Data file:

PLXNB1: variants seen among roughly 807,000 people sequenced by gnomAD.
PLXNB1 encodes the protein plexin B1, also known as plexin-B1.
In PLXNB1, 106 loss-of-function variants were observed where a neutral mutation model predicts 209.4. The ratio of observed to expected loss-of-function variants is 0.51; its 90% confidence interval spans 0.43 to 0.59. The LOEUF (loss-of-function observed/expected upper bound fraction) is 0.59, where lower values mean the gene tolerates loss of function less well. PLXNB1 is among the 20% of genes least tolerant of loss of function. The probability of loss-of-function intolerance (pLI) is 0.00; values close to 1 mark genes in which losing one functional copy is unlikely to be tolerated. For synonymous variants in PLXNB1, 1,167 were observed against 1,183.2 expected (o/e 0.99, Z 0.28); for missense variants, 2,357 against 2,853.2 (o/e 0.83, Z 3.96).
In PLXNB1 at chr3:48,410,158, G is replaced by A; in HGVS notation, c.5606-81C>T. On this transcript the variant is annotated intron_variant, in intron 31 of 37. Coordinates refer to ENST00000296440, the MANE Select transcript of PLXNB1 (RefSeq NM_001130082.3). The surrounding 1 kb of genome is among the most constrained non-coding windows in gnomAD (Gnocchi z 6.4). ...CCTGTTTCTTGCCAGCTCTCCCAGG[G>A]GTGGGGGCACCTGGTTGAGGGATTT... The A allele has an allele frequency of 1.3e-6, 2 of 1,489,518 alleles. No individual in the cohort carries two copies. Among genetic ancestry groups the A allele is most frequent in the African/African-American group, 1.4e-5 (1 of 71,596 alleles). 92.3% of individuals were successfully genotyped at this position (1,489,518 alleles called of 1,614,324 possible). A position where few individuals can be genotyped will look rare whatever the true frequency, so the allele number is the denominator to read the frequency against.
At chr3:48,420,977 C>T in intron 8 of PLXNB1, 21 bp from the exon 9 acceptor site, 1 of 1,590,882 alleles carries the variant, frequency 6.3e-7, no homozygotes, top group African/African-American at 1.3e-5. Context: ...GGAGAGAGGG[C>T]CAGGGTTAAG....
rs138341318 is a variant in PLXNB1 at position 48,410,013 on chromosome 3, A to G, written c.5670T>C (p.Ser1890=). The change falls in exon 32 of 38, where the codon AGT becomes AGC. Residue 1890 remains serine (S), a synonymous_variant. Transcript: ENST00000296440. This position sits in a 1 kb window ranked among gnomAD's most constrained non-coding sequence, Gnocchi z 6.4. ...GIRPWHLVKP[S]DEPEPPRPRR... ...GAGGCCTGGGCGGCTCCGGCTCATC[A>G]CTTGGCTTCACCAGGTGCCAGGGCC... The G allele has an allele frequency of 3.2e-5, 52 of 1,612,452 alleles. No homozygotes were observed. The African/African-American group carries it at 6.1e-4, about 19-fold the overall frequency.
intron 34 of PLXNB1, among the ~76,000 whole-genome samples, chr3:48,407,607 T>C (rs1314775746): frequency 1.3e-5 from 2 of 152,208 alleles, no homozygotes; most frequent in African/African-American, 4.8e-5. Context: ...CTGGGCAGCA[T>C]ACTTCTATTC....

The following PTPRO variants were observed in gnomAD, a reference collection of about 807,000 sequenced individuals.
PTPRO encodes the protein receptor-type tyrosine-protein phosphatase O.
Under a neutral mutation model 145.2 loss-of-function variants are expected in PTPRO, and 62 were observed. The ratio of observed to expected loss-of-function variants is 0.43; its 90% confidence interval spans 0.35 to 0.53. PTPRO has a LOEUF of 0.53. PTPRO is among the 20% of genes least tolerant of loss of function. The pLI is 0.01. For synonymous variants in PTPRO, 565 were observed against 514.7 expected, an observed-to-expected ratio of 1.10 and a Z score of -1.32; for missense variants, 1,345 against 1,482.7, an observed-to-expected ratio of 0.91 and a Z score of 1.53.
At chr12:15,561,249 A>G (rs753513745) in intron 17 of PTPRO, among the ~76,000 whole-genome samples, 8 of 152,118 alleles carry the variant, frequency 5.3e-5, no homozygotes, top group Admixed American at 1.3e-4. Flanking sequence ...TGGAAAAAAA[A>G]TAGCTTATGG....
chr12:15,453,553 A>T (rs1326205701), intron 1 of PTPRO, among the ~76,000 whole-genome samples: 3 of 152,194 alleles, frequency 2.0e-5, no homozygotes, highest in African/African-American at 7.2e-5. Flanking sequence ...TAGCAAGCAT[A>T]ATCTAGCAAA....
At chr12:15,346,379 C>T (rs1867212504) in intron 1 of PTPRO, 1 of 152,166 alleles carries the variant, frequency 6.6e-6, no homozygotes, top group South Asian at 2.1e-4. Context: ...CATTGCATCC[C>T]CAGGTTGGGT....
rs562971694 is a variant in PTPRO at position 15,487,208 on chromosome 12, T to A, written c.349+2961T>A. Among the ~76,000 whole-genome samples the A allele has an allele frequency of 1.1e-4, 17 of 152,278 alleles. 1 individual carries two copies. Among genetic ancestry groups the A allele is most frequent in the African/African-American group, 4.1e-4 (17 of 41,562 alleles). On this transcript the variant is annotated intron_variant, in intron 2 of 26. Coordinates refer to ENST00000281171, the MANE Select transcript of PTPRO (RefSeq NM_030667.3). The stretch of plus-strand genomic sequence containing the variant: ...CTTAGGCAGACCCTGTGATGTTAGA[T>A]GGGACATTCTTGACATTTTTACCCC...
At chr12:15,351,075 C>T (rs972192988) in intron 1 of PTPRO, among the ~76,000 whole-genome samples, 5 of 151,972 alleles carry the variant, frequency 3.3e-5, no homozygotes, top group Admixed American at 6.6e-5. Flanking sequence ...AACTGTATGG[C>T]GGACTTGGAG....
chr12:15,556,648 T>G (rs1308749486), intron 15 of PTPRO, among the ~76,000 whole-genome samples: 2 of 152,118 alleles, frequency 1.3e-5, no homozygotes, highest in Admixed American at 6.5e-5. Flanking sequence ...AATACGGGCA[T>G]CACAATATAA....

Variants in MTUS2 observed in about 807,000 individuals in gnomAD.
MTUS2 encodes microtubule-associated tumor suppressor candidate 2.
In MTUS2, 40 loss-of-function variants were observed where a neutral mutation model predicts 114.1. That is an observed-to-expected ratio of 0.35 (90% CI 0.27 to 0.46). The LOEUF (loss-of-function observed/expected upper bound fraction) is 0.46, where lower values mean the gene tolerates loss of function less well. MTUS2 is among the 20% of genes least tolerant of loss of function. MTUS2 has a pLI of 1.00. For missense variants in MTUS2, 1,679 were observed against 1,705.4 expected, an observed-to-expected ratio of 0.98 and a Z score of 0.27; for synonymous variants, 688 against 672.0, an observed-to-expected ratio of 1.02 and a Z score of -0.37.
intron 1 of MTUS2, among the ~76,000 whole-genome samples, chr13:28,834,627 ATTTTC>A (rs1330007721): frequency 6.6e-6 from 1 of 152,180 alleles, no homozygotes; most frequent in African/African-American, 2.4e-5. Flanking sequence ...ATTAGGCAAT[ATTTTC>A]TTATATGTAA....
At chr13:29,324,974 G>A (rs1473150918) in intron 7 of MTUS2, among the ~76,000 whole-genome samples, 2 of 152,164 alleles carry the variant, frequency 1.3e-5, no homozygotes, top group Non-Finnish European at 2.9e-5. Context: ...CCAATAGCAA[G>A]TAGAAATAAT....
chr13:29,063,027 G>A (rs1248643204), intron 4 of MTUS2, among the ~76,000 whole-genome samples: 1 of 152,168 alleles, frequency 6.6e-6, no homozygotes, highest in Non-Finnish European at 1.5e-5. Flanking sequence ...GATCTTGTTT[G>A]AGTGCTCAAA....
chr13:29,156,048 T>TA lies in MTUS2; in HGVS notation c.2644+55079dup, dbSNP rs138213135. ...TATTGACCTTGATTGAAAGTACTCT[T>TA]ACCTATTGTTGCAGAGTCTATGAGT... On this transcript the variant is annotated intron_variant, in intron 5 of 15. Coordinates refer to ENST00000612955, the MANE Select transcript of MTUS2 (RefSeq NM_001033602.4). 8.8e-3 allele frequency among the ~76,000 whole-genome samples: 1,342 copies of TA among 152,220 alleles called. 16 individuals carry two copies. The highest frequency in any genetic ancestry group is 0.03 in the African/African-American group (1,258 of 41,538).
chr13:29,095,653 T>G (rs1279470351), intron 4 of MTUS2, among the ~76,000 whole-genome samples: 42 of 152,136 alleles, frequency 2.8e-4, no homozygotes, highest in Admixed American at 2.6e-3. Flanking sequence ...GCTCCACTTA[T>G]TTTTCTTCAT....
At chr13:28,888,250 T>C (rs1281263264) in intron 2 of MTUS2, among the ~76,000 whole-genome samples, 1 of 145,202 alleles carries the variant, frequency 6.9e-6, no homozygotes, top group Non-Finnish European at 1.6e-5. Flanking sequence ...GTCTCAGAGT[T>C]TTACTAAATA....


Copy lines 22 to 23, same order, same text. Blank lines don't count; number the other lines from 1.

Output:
chr13:29,063,027 G>A (rs1248643204), intron 4 of MTUS2, among the ~76,000 whole-genome samples: 1 of 152,168 alleles, frequency 6.6e-6, no homozygotes, highest in Non-Finnish European at 1.5e-5. Flanking sequence ...GATCTTGTTT[G>A]AGTGCTCAAA....
chr13:29,156,048 T>TA lies in MTUS2; in HGVS notation c.2644+55079dup, dbSNP rs138213135. ...TATTGACCTTGATTGAAAGTACTCT[T>TA]ACCTATTGTTGCAGAGTCTATGAGT... On this transcript the variant is annotated intron_variant, in intron 5 of 15. Coordinates refer to ENST00000612955, the MANE Select transcript of MTUS2 (RefSeq NM_001033602.4). 8.8e-3 allele frequency among the ~76,000 whole-genome samples: 1,342 copies of TA among 152,220 alleles called. 16 individuals carry two copies. The highest frequency in any genetic ancestry group is 0.03 in the African/African-American group (1,258 of 41,538).